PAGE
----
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Abstract Honduras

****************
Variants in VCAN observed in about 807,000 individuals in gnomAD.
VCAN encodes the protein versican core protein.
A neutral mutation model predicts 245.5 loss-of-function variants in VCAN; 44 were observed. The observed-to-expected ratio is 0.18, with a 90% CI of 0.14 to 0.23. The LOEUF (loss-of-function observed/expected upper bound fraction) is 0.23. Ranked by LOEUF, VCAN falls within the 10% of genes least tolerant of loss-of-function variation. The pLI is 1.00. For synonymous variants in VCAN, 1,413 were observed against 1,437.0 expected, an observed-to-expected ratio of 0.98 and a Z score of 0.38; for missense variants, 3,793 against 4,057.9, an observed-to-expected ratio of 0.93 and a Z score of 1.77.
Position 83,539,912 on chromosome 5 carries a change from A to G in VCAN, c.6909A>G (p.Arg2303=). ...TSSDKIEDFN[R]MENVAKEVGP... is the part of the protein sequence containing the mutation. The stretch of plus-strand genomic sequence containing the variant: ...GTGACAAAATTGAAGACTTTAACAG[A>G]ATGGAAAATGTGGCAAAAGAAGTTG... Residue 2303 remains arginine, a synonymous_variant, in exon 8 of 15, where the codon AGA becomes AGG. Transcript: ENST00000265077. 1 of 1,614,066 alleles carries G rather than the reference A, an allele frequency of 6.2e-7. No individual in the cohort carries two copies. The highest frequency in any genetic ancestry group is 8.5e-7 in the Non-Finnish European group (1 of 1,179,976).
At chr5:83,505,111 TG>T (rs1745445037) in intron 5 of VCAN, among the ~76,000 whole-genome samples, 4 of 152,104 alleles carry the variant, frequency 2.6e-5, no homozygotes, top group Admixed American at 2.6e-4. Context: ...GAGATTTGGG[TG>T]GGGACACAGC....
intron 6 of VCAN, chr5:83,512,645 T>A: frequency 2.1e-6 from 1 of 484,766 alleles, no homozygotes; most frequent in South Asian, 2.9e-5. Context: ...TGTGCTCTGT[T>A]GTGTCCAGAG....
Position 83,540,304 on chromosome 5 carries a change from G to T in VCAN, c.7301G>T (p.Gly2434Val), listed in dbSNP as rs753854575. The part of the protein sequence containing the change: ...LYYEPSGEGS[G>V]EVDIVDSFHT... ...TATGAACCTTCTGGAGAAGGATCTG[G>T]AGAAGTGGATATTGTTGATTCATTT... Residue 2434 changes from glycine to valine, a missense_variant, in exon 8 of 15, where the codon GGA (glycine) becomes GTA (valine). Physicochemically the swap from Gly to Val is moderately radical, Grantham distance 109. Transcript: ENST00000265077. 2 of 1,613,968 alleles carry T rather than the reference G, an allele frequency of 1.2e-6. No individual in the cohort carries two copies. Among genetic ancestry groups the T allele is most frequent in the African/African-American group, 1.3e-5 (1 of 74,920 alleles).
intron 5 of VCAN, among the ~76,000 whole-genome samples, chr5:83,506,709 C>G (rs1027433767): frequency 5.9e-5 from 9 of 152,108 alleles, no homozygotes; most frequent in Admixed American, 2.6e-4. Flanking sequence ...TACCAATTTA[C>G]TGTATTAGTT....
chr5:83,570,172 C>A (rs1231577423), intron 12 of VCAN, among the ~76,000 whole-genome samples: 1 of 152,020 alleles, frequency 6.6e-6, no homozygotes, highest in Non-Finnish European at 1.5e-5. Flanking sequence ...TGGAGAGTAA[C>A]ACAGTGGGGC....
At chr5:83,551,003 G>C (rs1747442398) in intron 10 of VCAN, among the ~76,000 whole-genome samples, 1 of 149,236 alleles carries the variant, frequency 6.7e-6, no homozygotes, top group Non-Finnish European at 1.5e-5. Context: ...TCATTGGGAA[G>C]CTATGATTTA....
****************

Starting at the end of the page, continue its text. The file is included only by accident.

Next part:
Catherine Sullivan and Farhad Sharmini introduce excerpts from the screenplay to their new film, The Last Days of British Honduras (2010). Ronald Tavel’s play The Last Days of British Honduras was produced only once, in 1974, at the Public Theater, as part of the New York Shakespeare Festival. In Tavel’s wide-ranging body of work – he wrote some of the most iconic Warhol movies (‘Vinyl’, 1965; ‘Chelsea Girls’, 1966); co-founded the Playhouse of the Ridiculous; won an Obie Award for The Boy on the Straight-Back Chair (1969); provoked an international scandal with Indira Ghandi’s Daring Device (1967) – Last Days stood out for us as especially eccentric: a slowly churning, highly discursive colonial Death in Venice scenario combined with light-comedic and magic-realist elements and placed in the nervy politico-ethnic context immediately preceding the 1971 British Honduras (now Belize) referendum on independence. This bid for independence was in fact rejected, even after the British administration had largely departed.